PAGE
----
Main content
What you need to know about masks
Media Contact
Gana Ahn

With so many different options on the market, Emory epidemiologists Jodie Guest and Marybeth Sexton discuss which masks are most protective against COVID-19.

As the highly infectious COVID-19 Omicron variant continues to spread, more than 99% of U.S. counties are currently considered areas of high community transmission. Amid this surge, wearing a well-fitted mask remains one of the best defenses individuals can take against COVID-19.

On Jan. 14, the Centers for Disease Control and Prevention (CDC) updated its consumer mask website to emphasize protection, fit and comfort. With so many different masks on the market, and some more accessible than others, it can be hard to decide which mask to choose.

Jodie Guest, PhD, professor and vice chair of the department of epidemiology at Rollins School of Public Health, and Marybeth Sexton, MD, assistant professor of medicine in the division of infectious diseases at Emory University School of Medicine, teamed up to discuss the most effective masks, tips for improving their fit and proper mask hygiene.

Their conversation is part of an online video series hosted by Guest, who also leads the Emory COVID-19 Outbreak Response Team, answering questions related to the COVID-19 pandemic.

Q: What is an N95 mask?

A: “The N95 is really considered the premier mask that we have,” says Guest. These respirators are approved by the National Institute for Occupational Safety and Health (NIOSH) to filter out 95% of particles in the air around the wearer.

“Because of the way that they seal to your face and because of what they're made out of, they really do filter out the majority of respiratory particles, viruses, whatever is in the air around you, so that you don't breathe that in,” says Sexton. 

N95 masks have two straps that fit around the back of the head and a nose bridge that molds to the wearer’s face. When wearing the mask, an individual can perform a seal check by placing their hands over the mask and breathing in. “You should feel the mask collapse a little bit as you breathe in,” Sexton says. “And then take a breath out — you should feel it push against your hands, but you should not feel air up by your eyes or around the sides. That's how you know that it's on correctly.” 

Sexton warns that N95 masks only protect against COVID-19 if worn properly. “I can't wear this for more than 30 minutes without feeling like my face is going numb or I'm going to pass out,” she says. “If you have that experience and you're going to be moving this up and down your face, pulling it out to take a breath, putting it back on, taking it off some of the time, then that extra 5% or 10% filtration that you theoretically get with this is useless because you don't have it on right. So, you want the best quality mask that fits you well and that you are going to be able to wear comfortably for a long period of time.”

Q: What is a KN95 mask?

A: KN95 masks can also filter out 95% of particles in the air. Because these masks are primarily manufactured in China and tested to meet Chinese standards, they are not approved by NIOSH. Sexton notes that some KN95 masks are manufactured and validated by both Chinese and American companies.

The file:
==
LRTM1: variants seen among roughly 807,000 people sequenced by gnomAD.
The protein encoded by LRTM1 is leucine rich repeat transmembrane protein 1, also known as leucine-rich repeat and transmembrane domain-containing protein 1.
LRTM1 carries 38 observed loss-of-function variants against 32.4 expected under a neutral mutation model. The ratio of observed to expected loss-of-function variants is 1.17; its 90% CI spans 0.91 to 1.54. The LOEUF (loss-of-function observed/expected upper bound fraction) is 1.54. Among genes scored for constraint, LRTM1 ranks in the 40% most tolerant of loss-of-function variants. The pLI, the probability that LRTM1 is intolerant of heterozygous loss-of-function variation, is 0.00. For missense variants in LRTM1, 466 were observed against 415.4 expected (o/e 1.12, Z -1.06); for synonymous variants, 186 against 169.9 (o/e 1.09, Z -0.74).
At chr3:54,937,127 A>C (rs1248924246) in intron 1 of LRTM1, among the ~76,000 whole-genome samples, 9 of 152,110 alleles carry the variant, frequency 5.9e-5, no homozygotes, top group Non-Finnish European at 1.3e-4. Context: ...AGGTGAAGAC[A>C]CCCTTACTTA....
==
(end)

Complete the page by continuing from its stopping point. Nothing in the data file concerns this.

KN95 masks are typically “pretty sturdy, well-fitting, thick masks,” Sexton says. They have ear loops and a nose bridge that can be pinched to mold to the wearer’s face. They also have a three-dimensional tent shape, creating an air pocket around the mouth and bottom of the nose that makes it easier to breathe comfortably.

To make sure KN95 masks are fitted properly, check to make sure no air escapes above the eyes, around the sides of the face or below the chin when exhaling.

Guest prefers the fit of the KN95 to the N95. “I don’t feel like they fit as tightly, even when I get a good seal on it, so for me these are a little bit more comfortable than an N95, especially for longer periods of use.”

Sexton agrees. “I can wear one of these for a couple hours comfortably, and potentially even forget I have it on,” she says.

Q: What is a KF94 mask?

A: KF94 masks can filter up to 94% of particles in the air. They are tested to meet Korean standards of air filtration, so they are also not approved by NIOSH. 

Like KN95s, these masks have ear loops, nose bridges and a three-dimensional shape that creates an air pocket around the lips and bottom of the nose. 

“For me, this mask happens to work particularly well,” Guest says. “Just like the KN95, this does not touch my lips or the bottom of my nose, so it doesn’t change my diction and I can teach an entire class for hours in this and forget that I have it on.”

To make sure KF94 masks are fitted properly, check to make sure no air escapes above the eyes, around the sides of the face or below the chin when exhaling. 

Q: How protective are surgical masks?

A: Three-ply surgical masks, also called procedure masks, can work well for some people depending on fit. They have ear loops and an adjustable nose bridge, but they may not fit snugly on individuals with smaller faces.

To flatten any gaps at the sides of the surgical mask, Sexton suggests layering a well-fitted cloth mask on top. “There are studies that were done during the Delta wave that showed that this kind of combo, or something where you modify the mask in some way to make it fit better, was around 90-91% effective. So, you can get this to be almost as effective as some of these other masks, but it's got to fit you right.”

In addition to layering with a cloth mask, twisting or knotting the ear loops on a surgical mask can help it fit more snugly.

“If you have access to them, I think surgical masks are preferable to cloth masks,” Guest adds.

Q: How protective are cloth masks?